Story by

Sarah Gupta

December 19th, 2017

My family recently moved from the Plains of Minnesota to the hustle and bustle of Manhattan. While we are enjoying all the city has to offer, we miss quiet time spent outdoors with nature.

Autumn is our favorite time of the year. The air is turning more crisp with a slight chill. The outdoors are glowing with the fiery red and orange hues of the leaves. The sun almost always puts on a brilliant display as it sets each evening.

The Catskill Mountains are an excellent retreat from the everyday excitement of New York City. In the time it takes to get from Brooklyn to Queens and back via subway; you have already reached the Catskills. The mountains lie in southeastern New York State.

The area is known for the Catskill Forest Preserve, with its rich wildlife and hiking trails, and ski resorts including Hunter Mountain and Belleayre Mountain. The Hudson River School Art Trail includes the Thomas Cole National Historic Site in Catskill Village, plus sites like Kaaterskill Falls and Sunset Rock, which inspired 19th-century landscape painters.

My family rented a vehicle for a three-day trip and headed north to the mountains. There, we found a quaint inn that resembled a cedar log lodge hidden amongst the vibrant autumn color. We stayed warm with a cozy fireplace and roasted s'mores over a bonfire at night. We spent most of our time exploring the Hudson River School Art Trail.

In the 19th century, the American nation was seeking its own cultural identity that was apart of Europe. A group of painters gathered and found beauty in the Catskills where they painted beautiful landscapes along 15 miles of a trail at various scenic points. This movement was the first in American art.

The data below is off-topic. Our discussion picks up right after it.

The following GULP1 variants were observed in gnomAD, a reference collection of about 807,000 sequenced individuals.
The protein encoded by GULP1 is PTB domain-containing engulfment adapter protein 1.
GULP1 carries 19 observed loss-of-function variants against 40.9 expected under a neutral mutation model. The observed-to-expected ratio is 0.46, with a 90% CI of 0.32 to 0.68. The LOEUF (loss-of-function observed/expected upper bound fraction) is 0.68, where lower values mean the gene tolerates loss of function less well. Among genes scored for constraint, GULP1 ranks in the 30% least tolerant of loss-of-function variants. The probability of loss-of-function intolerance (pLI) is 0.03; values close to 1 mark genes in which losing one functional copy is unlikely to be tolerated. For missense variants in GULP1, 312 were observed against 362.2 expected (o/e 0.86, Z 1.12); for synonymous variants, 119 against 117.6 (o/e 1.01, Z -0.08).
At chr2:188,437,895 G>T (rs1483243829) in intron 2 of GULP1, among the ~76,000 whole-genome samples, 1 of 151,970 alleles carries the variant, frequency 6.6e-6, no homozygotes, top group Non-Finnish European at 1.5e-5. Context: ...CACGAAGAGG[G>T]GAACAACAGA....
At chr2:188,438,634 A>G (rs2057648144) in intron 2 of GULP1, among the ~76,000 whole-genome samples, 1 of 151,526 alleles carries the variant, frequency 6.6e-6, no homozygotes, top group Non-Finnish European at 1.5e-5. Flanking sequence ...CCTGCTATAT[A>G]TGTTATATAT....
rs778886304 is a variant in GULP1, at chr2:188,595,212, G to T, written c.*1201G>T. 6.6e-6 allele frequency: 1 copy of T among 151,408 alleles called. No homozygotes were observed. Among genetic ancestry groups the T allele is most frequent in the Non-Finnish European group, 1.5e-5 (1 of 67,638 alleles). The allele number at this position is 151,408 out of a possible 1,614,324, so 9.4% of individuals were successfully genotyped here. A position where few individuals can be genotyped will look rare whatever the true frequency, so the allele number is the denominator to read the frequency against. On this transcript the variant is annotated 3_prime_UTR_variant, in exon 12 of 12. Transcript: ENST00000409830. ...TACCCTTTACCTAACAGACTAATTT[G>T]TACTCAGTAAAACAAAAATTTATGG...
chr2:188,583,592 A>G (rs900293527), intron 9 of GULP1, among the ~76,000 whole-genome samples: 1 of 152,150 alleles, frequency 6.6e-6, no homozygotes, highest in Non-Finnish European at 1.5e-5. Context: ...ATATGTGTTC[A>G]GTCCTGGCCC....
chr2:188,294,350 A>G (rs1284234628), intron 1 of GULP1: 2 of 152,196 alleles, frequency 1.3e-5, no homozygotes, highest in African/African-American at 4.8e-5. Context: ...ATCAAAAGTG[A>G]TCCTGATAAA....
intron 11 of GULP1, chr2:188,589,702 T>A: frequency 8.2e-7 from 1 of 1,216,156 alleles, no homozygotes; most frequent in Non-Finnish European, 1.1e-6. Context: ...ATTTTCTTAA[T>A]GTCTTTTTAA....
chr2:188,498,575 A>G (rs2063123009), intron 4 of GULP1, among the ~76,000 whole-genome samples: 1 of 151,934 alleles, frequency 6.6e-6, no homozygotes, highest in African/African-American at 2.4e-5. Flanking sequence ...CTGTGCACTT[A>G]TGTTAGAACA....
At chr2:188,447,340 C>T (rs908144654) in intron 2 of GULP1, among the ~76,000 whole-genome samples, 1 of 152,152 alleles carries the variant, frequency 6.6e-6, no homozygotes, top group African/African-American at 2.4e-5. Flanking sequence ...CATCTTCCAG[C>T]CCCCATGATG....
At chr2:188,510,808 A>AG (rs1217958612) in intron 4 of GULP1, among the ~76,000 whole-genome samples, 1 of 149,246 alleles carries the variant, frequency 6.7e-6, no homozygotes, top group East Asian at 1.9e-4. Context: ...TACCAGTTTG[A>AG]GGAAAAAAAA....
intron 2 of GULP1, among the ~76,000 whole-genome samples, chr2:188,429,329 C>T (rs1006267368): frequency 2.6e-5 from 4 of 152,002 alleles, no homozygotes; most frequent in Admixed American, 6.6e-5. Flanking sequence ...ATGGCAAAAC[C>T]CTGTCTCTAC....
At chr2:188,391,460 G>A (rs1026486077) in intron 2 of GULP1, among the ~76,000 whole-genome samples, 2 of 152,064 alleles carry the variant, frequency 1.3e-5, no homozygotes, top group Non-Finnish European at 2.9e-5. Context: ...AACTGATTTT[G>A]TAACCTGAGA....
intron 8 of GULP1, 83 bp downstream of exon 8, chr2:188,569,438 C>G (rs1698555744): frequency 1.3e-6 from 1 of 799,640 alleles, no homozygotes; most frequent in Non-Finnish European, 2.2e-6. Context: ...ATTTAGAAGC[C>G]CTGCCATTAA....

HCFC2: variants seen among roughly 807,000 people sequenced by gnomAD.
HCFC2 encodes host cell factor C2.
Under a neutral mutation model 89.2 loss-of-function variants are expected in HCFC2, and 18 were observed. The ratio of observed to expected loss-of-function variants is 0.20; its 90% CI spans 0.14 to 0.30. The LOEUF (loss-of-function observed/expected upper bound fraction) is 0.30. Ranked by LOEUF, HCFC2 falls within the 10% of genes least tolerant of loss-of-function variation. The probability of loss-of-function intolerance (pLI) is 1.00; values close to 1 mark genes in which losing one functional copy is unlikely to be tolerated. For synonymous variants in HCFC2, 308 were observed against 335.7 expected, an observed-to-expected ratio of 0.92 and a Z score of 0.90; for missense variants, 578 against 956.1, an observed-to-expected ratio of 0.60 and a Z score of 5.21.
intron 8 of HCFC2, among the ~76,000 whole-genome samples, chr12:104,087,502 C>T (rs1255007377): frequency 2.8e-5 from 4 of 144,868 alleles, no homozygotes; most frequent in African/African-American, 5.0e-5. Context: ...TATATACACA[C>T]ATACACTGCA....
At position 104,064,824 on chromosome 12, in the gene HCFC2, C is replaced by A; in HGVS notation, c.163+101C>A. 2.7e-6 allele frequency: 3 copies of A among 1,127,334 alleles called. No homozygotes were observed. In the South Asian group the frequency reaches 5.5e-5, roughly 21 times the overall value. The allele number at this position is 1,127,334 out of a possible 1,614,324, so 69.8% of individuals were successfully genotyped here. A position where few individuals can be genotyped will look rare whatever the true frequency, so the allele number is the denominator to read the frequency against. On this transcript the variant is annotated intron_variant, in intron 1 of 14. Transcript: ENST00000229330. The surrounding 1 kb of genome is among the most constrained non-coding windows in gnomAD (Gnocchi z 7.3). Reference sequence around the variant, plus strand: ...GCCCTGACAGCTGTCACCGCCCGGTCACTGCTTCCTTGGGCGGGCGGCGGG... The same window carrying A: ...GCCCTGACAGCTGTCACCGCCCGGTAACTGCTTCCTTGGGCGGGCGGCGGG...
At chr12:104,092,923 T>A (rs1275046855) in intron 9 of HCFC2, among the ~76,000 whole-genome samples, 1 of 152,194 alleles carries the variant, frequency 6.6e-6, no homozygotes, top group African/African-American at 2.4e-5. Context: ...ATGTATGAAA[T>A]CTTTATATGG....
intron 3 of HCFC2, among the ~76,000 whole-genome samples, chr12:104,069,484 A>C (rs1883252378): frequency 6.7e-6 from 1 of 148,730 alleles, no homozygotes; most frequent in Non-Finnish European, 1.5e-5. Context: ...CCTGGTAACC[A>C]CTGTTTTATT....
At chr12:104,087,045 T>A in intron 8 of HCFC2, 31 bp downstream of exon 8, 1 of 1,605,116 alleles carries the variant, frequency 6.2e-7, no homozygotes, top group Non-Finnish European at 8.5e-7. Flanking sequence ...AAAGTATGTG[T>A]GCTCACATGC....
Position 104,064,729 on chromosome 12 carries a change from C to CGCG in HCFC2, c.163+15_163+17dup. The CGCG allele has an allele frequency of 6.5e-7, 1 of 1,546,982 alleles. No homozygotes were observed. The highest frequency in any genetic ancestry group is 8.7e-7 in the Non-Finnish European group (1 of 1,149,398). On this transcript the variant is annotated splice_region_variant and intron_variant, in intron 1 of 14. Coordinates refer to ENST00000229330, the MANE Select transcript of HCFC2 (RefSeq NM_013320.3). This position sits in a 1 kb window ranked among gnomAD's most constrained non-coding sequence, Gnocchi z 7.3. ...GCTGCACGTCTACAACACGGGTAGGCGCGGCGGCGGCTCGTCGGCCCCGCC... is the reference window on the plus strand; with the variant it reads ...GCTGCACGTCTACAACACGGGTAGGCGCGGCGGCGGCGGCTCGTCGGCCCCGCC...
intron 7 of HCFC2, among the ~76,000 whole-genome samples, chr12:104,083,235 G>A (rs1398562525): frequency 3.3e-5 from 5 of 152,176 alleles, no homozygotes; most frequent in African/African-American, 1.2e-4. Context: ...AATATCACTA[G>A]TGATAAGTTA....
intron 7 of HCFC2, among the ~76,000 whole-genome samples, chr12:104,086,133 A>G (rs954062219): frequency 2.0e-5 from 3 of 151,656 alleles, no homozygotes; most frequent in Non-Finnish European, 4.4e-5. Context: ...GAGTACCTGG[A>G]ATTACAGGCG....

When we explore as a family, it is important that we also learn about the environment and what connects the world around us. Children grow up in the blink of an eye and – let's face it – much of regular life isn't really that memorable. Adventure time spent with family ramps up the number of new situations, people, and places we encounter.

It stirs up emotions of all kinds, deepening and testing relationships, which ultimately creating lots of strong, shared memories. The memories of our adventures together anchor us to moments in their childhood.

I want my children to remember the connections and discoveries that we made together. One day, when they have families of their own, they will teach the same values of togetherness with their own families.

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